In Stephen King’s 1982 novella “Rita Hayworth and the Shawshank Redemption,” the prolific horror writer wrote that “all of geology is the study of pressure. And time, of course.” Nick Cammilleri and Zackary Drucker’s HBO docuseries “The Lady and the Dale” ended up being the product of the same two elements.
“The Lady and the Dale” is a four-part series that examines the life and entrepreneurship of Elizabeth Carmichael, a former con-artist-turned-hopeful-automotive industry disruptor. She was a trans woman who started the Twentieth Century Motor Car Corporation in the 1970s to design, build and market a three-wheeled car called the Dale. The car received early acclaim, and was even featured as a top prize on “The Price is Right,” but concerns grew about its safety and the validity of company investors, eventually resulting in Carmichael’s deadname and former life being exposed. Due to criminal activity in her past and mainstream misinformation about what it meant to be transgender, Carmichael was much maligned in the media, including being accused of continuing her con by only “pretending” to be a woman.
“The conflation of her gender identity and her brushes with the law was rolled into one,” Drucker tells Variety. “It was not unique; the evil deceivers and make-believers trope of trans-ness was created long before Liz. Had Liz not been trans the car may have succeeded. It was her trans identity that flagged that she was suspect and needed to be looked into.”
Carmichael passed aways almost two decades ago and therefore could not be involved in “The Lady and the Dale” to share her own story or recollection of events. Instead, the filmmakers relied on members of her immediate family, including one of her daughters and some of her grandchildren, to provide personal anecdotes and life details they could not learn anywhere else.
“Understanding her as a mother, understanding how difficult it was to transition in the 1970s with five children and a wife — a full family — anybody in that position as a caretaker and provider would have gone to any lengths to provide and caretake for a family. I think Liz’s story as a mother is the redemption. It gives you a perspective that is indispensable,” says Drucker.
But getting the family to be willing to talk with, let alone be filmed by, the team did not come easy. That is where the “pressure” and “time” factors came in.
“It took me seven years just to penetrate that fortress [of the family], to just talk with them, to get them to understand that we need their story to tell Liz’s story,” says Cammilleri. “Most people just stop trying, but I will keep trying over and over and over. I will keep showing up. I never went away.”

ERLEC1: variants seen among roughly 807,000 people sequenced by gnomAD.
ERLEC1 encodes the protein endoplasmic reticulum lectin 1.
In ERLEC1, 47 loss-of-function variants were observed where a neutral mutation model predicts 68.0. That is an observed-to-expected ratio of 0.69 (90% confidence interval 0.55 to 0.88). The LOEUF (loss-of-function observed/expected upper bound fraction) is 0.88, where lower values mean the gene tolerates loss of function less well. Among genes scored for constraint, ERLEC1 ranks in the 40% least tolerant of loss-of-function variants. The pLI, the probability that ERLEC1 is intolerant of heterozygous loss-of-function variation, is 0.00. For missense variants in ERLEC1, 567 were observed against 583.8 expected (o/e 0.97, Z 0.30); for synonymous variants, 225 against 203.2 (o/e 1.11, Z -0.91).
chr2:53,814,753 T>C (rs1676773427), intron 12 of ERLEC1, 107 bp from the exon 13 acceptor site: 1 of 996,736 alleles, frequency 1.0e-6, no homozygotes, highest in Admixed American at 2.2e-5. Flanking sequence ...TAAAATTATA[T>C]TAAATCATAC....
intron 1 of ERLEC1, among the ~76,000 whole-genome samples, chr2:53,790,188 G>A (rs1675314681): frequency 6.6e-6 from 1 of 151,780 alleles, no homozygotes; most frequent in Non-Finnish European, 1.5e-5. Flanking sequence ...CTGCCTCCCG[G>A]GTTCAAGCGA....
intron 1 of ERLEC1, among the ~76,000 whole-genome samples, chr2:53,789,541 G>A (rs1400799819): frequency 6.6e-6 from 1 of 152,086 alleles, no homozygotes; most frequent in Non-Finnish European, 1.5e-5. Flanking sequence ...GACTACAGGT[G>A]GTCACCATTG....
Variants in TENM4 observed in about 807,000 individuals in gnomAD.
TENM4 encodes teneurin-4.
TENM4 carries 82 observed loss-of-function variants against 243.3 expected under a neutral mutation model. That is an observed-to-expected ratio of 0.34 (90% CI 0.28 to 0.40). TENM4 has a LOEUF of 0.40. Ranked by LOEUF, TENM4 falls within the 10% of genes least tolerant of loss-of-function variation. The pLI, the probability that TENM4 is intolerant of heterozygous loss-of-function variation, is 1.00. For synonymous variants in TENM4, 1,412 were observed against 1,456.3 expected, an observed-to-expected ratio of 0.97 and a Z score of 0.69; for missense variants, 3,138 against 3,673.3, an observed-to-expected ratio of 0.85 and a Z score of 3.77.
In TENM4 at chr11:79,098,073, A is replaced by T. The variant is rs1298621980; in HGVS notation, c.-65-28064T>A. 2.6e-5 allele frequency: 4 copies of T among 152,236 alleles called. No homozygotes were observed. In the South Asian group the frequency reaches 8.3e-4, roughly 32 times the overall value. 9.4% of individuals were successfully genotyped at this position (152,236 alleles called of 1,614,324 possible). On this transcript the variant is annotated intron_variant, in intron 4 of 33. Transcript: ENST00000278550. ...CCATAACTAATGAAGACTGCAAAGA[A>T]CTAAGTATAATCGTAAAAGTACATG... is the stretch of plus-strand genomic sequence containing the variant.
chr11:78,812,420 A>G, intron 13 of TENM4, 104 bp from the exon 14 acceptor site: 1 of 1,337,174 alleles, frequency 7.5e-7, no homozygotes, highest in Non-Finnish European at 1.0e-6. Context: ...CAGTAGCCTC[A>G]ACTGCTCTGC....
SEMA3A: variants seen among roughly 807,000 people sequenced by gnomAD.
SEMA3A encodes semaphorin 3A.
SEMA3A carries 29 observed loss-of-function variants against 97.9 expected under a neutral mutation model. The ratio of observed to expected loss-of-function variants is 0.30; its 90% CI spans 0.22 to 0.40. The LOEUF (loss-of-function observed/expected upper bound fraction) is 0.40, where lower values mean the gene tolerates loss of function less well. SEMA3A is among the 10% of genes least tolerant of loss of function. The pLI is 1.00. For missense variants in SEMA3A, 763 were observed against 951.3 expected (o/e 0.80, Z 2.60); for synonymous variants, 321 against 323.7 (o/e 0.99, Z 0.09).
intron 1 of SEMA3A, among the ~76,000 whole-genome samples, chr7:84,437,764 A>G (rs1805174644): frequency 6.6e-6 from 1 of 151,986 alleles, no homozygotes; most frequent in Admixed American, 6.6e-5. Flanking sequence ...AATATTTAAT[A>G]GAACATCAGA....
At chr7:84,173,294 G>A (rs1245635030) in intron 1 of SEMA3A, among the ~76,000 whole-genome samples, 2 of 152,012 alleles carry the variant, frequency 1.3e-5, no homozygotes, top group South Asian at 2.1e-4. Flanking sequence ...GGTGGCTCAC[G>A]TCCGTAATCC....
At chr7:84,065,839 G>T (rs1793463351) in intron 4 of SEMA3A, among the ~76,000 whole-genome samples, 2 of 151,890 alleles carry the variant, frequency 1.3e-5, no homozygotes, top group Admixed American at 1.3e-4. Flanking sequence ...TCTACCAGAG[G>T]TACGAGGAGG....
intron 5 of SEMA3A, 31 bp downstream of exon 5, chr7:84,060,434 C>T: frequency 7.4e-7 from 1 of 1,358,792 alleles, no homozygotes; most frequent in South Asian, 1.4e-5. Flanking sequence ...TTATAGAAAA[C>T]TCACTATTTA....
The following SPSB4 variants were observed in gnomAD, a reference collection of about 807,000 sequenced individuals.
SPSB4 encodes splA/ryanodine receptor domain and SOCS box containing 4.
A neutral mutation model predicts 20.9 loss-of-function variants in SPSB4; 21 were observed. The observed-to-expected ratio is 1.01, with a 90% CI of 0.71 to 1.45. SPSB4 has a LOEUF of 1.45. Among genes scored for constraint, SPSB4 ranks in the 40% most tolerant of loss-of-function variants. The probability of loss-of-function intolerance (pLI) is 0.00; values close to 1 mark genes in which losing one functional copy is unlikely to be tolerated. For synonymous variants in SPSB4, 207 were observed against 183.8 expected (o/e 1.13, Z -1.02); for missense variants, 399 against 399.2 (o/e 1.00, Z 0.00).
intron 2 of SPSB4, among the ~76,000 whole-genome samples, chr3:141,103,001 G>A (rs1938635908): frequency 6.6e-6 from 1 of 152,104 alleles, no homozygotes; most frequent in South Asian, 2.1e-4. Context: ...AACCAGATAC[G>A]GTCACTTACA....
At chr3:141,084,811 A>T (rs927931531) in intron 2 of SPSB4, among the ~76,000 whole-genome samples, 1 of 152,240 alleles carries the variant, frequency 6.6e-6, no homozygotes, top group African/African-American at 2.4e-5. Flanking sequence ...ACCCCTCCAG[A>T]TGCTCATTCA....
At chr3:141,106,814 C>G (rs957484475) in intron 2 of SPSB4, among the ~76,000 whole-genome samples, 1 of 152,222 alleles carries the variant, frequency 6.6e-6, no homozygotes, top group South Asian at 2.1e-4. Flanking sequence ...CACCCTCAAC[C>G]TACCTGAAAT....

Carmichael’s family members are private people who have tried hard to stay out of the spotlight. But as years went on and some of the younger generation who had been “kept in the dark for so long” about Carmichael’s legacy learned more about her, they found they wanted her story told, Cammilleri says. Specifically, Carmichael’s granddaughter Gerri Bouchard, with whom Cammilleri struck up a strong rapport, was instrumental in getting others on board, saying, “I trust him, maybe you can trust him too,” Cammilleri recalls.
Cammilleri notes that, in part, it was about “trying to explain that times have changed and you can’t cut together a chopped up piece that makes someone look terrible because the audience is much more aware of edits and transparency, and also we have a legal department that looks over everything to make sure we’re not misrepresenting.”
Additionally, the fact that the project was already underway on the automotive side meant the filmmakers could explain what they were doing and how they were shaping the story, to further put the family at ease about the approach to Carmichael’s story. They worked with the Museum of Nebraska and the Pearson Museum, as well as an individual who “had the only running prototype — and he only got the car because he bought a building and the Dale was in the corner,” Cammilleri says. They also interviewed past colleagues and employees of Carmichael’s.
Once Cammilleri and Drucker had family and members of the automotive community committed to the project, it became about balancing who she was as a woman and who she was as a business person in the storytelling.
“We dealt with her actual life transition in the first episode, and then in the second episode we don’t mention it at all, intentionally, to let viewers naturalize their understanding of Liz apart from her gender,” Drucker says. “In the last episode we reveal the trajectory that she was a part of — the ways in which trans people were always doubted and misunderstood and misrepresented. I think had she lived in this time, her persistence, her intellect, her resilience would have taken her very far. It took her to pretty unprecedented places in the 1970s, of course. But Liz’s story was not told accurately or justly in her lifetime. It was an error of bias that needed to be rectified. I feel so strongly that Liz is not completely at rest and there was an element of her pushing this story forward.”
“The Lady and the Dale” premieres Jan. 31 on HBO.